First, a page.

The Twins' pursuit of all-star second baseman Alfonso Soriano may not be done, after all.
At least not until Monday.
That's how long the Twins have to work out a trade to acquire the Texas Rangers slugger after they claimed him on waivers this weekend, according to a report in the Fort Worth Star-Telegram.
By merely making the claim, the Twins block teams with better records, such as the Chicago White Sox, Cleveland, the New York Yankees and Oakland, from making a deal to acquire Soriano, who was hitting .283 with 29 home runs and 83 RBIs entering play Saturday.
When a player is placed on the 48-hour waivers, the team with the worst record among those making a claim is awarded the claim. If a deal can't be worked out at that point and the player's original team chooses to keep him, it can pull the player back — at which point that player cannot be traded for the rest of the season.
Twins general manager Terry Ryan wouldn't confirm or deny the Soriano report.
Although the Twins' primary motive in this case appears to be to block another contender from acquiring Soriano, the teams are said to be discussing what it would take to swing the deal.
The Twins and Rangers probably would be left right back where they were at the July 31 non-waiver trading deadline, when trade talks for Soriano ended with the Twins' refusal to include pitching prospect Francisco Liriano in a deal.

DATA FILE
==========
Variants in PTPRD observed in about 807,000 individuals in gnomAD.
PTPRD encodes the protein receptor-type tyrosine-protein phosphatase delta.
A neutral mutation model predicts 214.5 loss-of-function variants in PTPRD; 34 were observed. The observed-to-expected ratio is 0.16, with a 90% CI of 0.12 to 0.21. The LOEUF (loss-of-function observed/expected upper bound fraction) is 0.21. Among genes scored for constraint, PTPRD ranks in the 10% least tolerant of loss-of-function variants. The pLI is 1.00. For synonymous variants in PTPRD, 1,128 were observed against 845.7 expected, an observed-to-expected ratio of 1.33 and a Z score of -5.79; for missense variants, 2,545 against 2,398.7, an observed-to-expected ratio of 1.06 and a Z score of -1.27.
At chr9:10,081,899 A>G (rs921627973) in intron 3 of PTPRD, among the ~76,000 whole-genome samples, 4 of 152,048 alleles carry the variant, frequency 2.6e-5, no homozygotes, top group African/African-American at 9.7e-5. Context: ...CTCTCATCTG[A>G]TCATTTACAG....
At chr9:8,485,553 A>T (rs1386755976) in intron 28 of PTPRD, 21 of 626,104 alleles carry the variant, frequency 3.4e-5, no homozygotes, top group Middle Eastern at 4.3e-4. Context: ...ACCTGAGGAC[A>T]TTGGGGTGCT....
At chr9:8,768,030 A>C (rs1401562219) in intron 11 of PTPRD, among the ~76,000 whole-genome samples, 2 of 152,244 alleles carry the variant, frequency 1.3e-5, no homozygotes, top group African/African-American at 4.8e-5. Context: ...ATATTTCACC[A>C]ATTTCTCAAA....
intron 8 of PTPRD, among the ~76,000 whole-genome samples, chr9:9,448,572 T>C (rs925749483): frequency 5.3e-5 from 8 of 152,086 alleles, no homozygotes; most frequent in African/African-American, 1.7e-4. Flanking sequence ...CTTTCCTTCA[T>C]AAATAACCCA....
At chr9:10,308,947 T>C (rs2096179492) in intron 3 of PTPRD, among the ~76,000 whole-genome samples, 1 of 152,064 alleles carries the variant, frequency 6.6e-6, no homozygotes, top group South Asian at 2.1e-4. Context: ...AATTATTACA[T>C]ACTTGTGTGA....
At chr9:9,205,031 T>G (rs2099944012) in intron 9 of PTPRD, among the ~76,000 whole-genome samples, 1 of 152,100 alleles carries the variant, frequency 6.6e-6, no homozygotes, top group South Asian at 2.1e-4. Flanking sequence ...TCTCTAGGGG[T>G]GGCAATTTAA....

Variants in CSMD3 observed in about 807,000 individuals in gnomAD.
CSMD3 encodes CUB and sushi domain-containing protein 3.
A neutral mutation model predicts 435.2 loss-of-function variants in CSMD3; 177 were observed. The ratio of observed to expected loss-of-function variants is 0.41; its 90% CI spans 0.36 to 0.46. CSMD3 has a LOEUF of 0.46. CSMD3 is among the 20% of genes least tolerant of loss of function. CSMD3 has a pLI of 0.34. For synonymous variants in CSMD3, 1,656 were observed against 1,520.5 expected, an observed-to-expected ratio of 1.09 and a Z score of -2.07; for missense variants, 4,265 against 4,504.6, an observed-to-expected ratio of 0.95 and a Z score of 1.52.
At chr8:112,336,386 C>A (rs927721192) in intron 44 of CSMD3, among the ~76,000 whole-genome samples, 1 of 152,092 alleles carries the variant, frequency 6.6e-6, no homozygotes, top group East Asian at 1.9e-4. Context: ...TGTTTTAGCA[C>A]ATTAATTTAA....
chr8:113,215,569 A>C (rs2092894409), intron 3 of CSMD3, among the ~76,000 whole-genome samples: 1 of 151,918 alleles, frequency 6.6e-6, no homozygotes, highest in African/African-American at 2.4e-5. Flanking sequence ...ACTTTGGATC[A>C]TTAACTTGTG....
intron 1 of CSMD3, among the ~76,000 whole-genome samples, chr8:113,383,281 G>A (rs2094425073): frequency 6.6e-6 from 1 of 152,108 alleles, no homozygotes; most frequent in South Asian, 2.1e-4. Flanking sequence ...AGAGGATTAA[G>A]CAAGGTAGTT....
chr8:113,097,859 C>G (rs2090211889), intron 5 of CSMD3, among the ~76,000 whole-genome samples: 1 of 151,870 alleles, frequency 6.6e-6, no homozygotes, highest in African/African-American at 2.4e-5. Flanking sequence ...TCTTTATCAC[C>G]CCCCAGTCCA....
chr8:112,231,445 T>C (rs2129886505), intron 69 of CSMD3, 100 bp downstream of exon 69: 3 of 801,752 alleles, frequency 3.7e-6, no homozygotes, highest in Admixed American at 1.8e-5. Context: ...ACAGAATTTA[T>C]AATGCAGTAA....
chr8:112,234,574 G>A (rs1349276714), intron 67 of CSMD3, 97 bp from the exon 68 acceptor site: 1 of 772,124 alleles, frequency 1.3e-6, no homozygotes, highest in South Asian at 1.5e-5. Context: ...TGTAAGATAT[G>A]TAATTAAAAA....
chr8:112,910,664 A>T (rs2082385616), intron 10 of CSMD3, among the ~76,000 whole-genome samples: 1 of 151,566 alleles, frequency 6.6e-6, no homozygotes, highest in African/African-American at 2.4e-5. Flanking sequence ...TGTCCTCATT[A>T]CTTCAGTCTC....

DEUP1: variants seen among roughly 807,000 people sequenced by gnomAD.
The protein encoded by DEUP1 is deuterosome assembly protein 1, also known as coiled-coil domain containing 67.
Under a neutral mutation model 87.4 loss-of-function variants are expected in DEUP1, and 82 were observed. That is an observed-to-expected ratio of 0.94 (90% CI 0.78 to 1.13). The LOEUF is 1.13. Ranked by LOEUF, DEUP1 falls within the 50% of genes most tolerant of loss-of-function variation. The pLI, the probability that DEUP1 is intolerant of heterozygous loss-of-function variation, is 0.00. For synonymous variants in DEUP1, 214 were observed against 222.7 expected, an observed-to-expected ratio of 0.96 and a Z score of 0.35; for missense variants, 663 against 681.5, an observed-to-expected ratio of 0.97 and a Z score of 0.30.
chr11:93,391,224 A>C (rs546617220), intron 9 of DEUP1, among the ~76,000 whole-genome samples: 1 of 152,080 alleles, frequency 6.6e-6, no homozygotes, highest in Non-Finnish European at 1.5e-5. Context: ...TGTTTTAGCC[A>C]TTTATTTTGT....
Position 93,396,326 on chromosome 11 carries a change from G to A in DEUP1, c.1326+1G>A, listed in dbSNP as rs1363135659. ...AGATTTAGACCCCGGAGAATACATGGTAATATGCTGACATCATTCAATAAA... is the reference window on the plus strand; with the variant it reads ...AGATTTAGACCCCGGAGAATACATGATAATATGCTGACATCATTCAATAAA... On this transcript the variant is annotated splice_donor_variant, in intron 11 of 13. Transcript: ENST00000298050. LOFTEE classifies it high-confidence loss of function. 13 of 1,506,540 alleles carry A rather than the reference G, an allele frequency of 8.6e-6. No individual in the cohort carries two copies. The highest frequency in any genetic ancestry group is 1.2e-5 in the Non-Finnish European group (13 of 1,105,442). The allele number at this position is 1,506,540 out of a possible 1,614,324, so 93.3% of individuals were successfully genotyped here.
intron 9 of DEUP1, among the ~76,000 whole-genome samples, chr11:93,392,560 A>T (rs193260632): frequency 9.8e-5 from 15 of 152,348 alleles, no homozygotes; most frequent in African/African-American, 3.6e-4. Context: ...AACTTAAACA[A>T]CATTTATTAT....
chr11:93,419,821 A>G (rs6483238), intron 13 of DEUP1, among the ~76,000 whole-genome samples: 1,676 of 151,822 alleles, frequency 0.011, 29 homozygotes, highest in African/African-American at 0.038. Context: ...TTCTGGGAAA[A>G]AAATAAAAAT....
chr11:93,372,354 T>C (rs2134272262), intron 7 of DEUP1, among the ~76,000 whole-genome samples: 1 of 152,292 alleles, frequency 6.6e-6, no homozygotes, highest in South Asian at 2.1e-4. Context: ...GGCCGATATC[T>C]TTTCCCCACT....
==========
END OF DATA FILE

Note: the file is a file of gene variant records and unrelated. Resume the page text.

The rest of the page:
The Twins offered various combinations of pitchers Joe Mays, Kyle Lohse and J.C. Romero.
Whether the Rangers' need for pitching has become more desperate in the past three weeks, it doesn't appear the Twins have Lohse and Romero to offer in trades anymore. ESPN reports both were placed on waivers, claimed and pulled back, making them unavailable in trades.
Mays and his $7.25 million contract, on the other hand, cleared waivers, according to ESPN, and he is free to be traded.
Acquiring Soriano likely would require a multiyear, high-salary commitment from the Twins, especially if they relent on the Rangers' demand for a top-end pitching prospect.
The Twins would be responsible for the $1.8 million left on Soriano's $7.5 million salary this season. He is eligible at the end of the season for arbitration, a process that could drive his salary to close to $10 million.
If the Twins give up a prized prospect for Soriano, they would certainly look to sign him for next year and possibly look into a two- or three-year deal.